'When two people meet and take to each other, they start gradually to uncover one another's past, and the slower the process the deeper the friendship becomes. It is like falling in love, without the torment, and although you do not find each other layer by layer in the archaeologists' way, you see after months or years a whole being who contains his past and present merged with the lives of his forebears. You see the whole of him and he sees you, the present surface always near and the layers of the past melted into one.'
David Thomson, Woodbrook, p.10.


'Wilberforce's pursuit of a broad and uplifting vision of society elevates him far above the general rank of politicians. But the fact that he managed to live according to his own principles, and constantly reflect his own beliefs in his own character, is his crowning glory. It may be easier to disdain money and give much of it away if you inherit a large amout of it, but few people born in that position actually do so. It is easy to think that a Member of Parliament can resist all temptations of seeking high office if he has a great cause as an alternative, but it is still a rare event. Wilberforce exercised a genuine and remarkable self-discipline, and managed to do so while maintaining an optimistic and vivacious disposition. His conduct as a husband, father or elected representative is hard to fault. His generosity to those who came to him in need of help became an outstanding example of the virtues he called for in others. He showed how a political career can be conducted differently, pursuing long-term objectives deeply rooted in certain principles, strengthened in his indifference to holding power by his understanding of its transitory nature. As a result, he defied the axiom that political careers necessarily end in failure, going to the grave fulfilled by the knowledge of what he had helped to do, while those politicians to whom power alone is important decline in their old age into bitterness and despair.'
William Hague, William Hague, p.515.


'He kindled at the very sight of books.'
J Hartford quoted in William Hague, William Wilberforce, 205.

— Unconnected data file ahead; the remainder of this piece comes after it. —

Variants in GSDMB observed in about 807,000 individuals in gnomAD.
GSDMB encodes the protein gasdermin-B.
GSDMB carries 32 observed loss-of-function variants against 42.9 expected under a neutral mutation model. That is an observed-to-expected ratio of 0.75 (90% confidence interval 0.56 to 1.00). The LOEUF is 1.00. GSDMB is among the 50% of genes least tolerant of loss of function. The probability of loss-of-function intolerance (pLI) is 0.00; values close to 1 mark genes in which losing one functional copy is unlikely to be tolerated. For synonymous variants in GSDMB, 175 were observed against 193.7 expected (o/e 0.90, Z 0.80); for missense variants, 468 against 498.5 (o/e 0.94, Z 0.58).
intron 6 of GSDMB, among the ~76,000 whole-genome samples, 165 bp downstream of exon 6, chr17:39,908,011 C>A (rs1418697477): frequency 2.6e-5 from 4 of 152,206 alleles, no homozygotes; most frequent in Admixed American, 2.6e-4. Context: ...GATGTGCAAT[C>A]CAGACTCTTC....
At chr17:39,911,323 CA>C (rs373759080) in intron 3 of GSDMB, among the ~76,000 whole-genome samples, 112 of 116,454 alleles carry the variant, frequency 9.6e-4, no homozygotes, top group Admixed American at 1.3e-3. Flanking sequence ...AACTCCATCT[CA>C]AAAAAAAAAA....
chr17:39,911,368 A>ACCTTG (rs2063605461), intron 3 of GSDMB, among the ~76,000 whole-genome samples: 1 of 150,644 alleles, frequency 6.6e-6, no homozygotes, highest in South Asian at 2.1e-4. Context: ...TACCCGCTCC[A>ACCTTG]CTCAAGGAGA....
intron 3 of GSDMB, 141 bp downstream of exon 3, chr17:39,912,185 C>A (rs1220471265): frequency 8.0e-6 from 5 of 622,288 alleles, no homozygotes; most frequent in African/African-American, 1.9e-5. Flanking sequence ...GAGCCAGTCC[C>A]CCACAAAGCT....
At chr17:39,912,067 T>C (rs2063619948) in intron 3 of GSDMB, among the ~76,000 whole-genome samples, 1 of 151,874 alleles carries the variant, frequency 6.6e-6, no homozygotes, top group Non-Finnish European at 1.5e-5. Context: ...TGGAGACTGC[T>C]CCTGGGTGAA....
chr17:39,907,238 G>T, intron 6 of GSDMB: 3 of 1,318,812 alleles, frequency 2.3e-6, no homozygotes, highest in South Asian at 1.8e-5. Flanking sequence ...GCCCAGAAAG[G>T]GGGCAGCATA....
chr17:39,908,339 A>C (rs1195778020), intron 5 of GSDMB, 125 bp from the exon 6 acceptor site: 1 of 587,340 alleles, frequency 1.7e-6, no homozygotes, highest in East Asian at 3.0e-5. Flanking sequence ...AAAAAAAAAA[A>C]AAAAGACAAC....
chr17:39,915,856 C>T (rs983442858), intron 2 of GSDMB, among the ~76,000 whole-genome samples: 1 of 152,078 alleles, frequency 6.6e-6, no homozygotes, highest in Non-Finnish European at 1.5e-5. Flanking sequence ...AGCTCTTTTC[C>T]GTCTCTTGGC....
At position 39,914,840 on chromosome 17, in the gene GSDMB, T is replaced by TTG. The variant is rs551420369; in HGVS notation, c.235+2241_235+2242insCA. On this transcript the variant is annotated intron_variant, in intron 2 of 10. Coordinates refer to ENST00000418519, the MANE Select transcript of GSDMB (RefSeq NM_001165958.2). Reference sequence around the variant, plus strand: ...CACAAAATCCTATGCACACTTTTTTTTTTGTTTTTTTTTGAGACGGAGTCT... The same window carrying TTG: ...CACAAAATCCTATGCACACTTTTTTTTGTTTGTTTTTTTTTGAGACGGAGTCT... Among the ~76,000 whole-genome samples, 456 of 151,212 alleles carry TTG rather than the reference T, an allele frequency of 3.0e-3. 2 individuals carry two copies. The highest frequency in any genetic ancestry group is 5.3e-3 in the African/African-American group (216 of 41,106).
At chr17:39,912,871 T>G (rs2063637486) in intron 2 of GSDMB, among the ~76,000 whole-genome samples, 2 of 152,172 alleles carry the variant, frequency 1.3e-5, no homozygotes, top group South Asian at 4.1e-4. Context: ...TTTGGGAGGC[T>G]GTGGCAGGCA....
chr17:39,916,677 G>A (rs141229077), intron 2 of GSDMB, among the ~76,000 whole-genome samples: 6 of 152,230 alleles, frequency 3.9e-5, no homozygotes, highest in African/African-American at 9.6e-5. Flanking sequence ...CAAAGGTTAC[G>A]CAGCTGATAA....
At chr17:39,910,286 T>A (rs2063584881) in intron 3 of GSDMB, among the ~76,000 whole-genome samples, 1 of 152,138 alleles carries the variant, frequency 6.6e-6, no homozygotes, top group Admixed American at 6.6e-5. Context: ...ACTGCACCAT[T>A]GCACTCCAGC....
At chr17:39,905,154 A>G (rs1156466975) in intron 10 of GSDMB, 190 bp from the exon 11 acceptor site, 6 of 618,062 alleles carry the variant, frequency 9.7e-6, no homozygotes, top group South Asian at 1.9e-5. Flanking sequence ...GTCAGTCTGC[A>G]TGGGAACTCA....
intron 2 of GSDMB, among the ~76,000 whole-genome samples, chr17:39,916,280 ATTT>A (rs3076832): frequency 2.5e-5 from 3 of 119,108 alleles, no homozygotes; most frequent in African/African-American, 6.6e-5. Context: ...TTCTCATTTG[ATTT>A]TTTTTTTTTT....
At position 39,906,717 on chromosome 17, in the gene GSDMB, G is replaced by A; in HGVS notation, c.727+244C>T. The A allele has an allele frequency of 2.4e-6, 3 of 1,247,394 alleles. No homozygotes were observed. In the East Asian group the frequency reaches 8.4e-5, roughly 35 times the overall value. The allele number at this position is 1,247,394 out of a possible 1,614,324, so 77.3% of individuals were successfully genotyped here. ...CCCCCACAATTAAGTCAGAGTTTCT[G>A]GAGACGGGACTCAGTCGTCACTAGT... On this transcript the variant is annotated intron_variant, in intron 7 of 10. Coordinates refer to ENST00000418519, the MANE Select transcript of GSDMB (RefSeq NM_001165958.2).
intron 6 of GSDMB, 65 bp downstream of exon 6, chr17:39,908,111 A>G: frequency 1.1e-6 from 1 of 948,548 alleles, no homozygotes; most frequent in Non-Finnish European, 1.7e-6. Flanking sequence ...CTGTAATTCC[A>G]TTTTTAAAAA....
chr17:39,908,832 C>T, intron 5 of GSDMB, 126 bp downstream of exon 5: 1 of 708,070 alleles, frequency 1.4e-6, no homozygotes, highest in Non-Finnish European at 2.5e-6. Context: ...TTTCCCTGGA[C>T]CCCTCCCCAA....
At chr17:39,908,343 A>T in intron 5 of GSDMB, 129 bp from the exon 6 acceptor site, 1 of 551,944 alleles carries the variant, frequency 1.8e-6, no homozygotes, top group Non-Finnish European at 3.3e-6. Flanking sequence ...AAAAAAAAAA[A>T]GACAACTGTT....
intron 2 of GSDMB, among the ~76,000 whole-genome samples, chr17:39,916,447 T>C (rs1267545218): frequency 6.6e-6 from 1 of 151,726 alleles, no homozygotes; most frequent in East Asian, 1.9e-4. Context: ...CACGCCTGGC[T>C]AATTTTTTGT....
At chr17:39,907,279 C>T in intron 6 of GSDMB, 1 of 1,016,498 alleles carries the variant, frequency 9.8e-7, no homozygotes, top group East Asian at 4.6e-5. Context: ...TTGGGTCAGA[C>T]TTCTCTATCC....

'I recall an abiding sense of religious responsibility, a self-sacrificing energy and works of mercy, an Evangelistic zeal, an aloofness from the world, and a level of saintliness in daily life as I do not expect again to see realised on earth. Everything down to the minutest detail of action and speech were considered with reference to eternity.'
GWE Russell quoted in William Hague, William Wilberforce, p.93.


'My grand objection to the religious system still held by many who declare them orthodox Churchmen ... is, that it tends to render Xtianity so much a system of prohibitions rather than privilege and hopes, and thus the injunction to rejoice so strongly enforced in the New Testament is practically neglected, and Religion is made to wear a forbidding and gloomy air and not one of peace and hope and joy.'
William Wilberforce quoted in William Hague, William Wilberforce, p. 100.


'"Aslan," said Lucy, "you're bigger."
"That is because you are older, little one," answered he.
"Not because you are?"
"I am not. But every year you grow, you will find me bigger."'
CS Lewis, Prince Caspian, p.124.


'Lucy shuddered and nodded. When they had sat down she said: "Such a horrible idea has come into my head, Su."
"What's that?"
"Wouldn't it be dreadful if some day, in our own world, at home, men started going wild inside, like the animals here, and still looked like men, so that you'd never know which were which?"'
CS Lewis, Prince Caspian, p.107.